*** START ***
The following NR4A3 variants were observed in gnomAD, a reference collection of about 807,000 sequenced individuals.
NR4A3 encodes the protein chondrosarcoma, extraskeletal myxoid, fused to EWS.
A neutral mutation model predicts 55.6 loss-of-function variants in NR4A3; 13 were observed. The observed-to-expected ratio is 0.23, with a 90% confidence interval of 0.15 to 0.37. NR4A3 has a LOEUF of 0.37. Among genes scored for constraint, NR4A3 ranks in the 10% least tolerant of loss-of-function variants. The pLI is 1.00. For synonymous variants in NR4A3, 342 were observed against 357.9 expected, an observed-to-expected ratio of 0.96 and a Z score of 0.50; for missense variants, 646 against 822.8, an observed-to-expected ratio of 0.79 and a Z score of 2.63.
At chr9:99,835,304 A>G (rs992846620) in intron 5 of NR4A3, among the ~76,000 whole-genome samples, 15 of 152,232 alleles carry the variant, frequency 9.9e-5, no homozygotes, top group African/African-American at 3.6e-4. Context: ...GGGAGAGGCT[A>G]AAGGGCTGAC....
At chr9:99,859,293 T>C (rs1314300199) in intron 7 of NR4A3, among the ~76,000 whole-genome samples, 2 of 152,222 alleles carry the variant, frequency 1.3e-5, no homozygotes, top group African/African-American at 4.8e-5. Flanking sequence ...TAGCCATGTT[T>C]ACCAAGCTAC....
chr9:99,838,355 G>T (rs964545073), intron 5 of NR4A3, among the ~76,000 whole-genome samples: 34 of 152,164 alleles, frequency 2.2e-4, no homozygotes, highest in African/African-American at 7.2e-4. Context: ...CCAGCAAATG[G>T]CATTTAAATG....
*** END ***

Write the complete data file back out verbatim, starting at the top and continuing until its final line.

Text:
The following NR4A3 variants were observed in gnomAD, a reference collection of about 807,000 sequenced individuals.
NR4A3 encodes the protein chondrosarcoma, extraskeletal myxoid, fused to EWS.
A neutral mutation model predicts 55.6 loss-of-function variants in NR4A3; 13 were observed. The observed-to-expected ratio is 0.23, with a 90% confidence interval of 0.15 to 0.37. NR4A3 has a LOEUF of 0.37. Among genes scored for constraint, NR4A3 ranks in the 10% least tolerant of loss-of-function variants. The pLI is 1.00. For synonymous variants in NR4A3, 342 were observed against 357.9 expected, an observed-to-expected ratio of 0.96 and a Z score of 0.50; for missense variants, 646 against 822.8, an observed-to-expected ratio of 0.79 and a Z score of 2.63.
At chr9:99,835,304 A>G (rs992846620) in intron 5 of NR4A3, among the ~76,000 whole-genome samples, 15 of 152,232 alleles carry the variant, frequency 9.9e-5, no homozygotes, top group African/African-American at 3.6e-4. Context: ...GGGAGAGGCT[A>G]AAGGGCTGAC....
At chr9:99,859,293 T>C (rs1314300199) in intron 7 of NR4A3, among the ~76,000 whole-genome samples, 2 of 152,222 alleles carry the variant, frequency 1.3e-5, no homozygotes, top group African/African-American at 4.8e-5. Flanking sequence ...TAGCCATGTT[T>C]ACCAAGCTAC....
chr9:99,838,355 G>T (rs964545073), intron 5 of NR4A3, among the ~76,000 whole-genome samples: 34 of 152,164 alleles, frequency 2.2e-4, no homozygotes, highest in African/African-American at 7.2e-4. Context: ...CCAGCAAATG[G>T]CATTTAAATG....